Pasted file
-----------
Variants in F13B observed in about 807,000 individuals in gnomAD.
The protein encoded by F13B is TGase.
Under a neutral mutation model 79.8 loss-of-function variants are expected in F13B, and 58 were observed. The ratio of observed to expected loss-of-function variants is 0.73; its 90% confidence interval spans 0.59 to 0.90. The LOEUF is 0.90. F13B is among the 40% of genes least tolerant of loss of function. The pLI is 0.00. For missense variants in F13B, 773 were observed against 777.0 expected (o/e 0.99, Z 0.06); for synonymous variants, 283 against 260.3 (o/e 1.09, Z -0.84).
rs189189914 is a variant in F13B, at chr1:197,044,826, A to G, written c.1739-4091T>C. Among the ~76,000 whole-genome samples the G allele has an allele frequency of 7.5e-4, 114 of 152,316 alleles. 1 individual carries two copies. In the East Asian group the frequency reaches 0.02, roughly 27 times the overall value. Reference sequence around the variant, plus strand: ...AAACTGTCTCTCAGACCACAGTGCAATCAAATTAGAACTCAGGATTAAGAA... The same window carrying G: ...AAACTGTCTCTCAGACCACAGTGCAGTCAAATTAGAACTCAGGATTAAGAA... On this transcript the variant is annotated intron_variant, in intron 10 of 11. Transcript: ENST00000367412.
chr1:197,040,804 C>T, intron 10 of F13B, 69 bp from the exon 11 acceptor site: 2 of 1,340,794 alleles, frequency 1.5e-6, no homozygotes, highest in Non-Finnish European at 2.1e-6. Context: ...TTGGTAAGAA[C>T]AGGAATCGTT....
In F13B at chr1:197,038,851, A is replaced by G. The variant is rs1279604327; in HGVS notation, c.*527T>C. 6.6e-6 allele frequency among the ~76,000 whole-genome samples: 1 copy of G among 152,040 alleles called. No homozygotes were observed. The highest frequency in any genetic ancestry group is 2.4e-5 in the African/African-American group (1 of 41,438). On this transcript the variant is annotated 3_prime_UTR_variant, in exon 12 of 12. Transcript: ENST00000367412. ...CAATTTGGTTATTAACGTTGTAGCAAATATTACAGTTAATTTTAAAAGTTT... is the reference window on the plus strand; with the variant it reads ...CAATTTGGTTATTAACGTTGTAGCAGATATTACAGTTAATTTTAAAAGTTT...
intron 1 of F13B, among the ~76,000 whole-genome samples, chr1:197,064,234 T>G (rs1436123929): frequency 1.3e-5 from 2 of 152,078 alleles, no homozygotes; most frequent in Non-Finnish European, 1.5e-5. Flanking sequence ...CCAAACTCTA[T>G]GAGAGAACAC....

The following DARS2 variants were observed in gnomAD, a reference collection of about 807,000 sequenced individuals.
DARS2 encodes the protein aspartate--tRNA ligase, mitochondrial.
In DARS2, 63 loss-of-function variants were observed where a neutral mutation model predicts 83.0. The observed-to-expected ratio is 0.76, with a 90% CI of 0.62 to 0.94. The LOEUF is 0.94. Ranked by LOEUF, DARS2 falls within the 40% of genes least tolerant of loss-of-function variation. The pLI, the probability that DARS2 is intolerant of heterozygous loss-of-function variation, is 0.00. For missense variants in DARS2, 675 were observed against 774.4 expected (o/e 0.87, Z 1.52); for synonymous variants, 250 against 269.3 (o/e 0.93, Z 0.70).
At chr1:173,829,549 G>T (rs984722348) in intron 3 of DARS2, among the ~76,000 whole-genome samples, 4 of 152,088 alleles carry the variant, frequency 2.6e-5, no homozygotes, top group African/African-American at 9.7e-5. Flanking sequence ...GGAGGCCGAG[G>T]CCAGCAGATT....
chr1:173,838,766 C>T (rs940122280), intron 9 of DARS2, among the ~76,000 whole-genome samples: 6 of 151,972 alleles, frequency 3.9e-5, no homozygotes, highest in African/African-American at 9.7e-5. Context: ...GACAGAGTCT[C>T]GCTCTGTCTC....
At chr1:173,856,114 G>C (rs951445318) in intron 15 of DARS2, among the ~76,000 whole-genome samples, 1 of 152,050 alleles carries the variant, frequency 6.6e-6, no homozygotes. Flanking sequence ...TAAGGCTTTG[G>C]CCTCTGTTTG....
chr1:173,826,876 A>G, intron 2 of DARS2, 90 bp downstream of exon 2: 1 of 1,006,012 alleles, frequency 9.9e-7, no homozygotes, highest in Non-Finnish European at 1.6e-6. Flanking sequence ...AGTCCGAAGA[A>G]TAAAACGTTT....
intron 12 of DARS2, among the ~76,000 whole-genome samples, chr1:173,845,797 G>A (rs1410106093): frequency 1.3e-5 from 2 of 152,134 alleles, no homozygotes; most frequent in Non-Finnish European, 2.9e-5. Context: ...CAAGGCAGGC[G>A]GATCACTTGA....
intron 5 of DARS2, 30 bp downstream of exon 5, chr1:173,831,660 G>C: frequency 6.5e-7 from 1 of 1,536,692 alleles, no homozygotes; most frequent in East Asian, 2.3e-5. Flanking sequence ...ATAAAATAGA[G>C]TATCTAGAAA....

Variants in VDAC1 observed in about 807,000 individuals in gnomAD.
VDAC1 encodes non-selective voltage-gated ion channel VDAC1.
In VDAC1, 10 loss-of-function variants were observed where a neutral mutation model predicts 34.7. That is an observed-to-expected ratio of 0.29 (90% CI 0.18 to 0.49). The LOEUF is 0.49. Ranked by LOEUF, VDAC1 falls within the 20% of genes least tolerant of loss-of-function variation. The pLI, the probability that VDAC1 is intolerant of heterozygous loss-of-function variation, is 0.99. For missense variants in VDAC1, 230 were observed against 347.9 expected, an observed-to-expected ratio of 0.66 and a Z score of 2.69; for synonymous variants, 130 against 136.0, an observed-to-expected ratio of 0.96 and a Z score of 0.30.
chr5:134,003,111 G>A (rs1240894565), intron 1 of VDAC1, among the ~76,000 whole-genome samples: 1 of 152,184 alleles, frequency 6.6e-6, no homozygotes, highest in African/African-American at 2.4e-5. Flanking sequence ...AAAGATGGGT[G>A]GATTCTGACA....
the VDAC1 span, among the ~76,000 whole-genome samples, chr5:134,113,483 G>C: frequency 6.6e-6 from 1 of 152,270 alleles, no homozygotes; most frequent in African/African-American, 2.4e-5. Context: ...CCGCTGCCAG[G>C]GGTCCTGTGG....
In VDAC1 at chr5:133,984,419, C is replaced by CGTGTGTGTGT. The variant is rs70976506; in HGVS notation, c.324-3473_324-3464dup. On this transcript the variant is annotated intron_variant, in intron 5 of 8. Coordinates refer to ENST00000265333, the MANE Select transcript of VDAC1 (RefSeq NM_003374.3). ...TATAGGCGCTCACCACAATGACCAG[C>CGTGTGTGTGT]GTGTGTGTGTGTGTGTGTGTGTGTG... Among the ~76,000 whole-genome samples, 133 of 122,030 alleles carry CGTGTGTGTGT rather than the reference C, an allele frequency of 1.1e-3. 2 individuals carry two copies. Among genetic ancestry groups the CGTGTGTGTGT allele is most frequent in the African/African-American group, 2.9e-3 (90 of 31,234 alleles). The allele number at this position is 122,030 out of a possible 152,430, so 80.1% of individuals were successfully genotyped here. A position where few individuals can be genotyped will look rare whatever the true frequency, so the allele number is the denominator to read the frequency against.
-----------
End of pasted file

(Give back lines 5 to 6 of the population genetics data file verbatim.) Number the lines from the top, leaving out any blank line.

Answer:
chr1:197,040,804 C>T, intron 10 of F13B, 69 bp from the exon 11 acceptor site: 2 of 1,340,794 alleles, frequency 1.5e-6, no homozygotes, highest in Non-Finnish European at 2.1e-6. Context: ...TTGGTAAGAA[C>T]AGGAATCGTT....
In F13B at chr1:197,038,851, A is replaced by G. The variant is rs1279604327; in HGVS notation, c.*527T>C. 6.6e-6 allele frequency among the ~76,000 whole-genome samples: 1 copy of G among 152,040 alleles called. No homozygotes were observed. The highest frequency in any genetic ancestry group is 2.4e-5 in the African/African-American group (1 of 41,438). On this transcript the variant is annotated 3_prime_UTR_variant, in exon 12 of 12. Transcript: ENST00000367412. ...CAATTTGGTTATTAACGTTGTAGCAAATATTACAGTTAATTTTAAAAGTTT... is the reference window on the plus strand; with the variant it reads ...CAATTTGGTTATTAACGTTGTAGCAGATATTACAGTTAATTTTAAAAGTTT...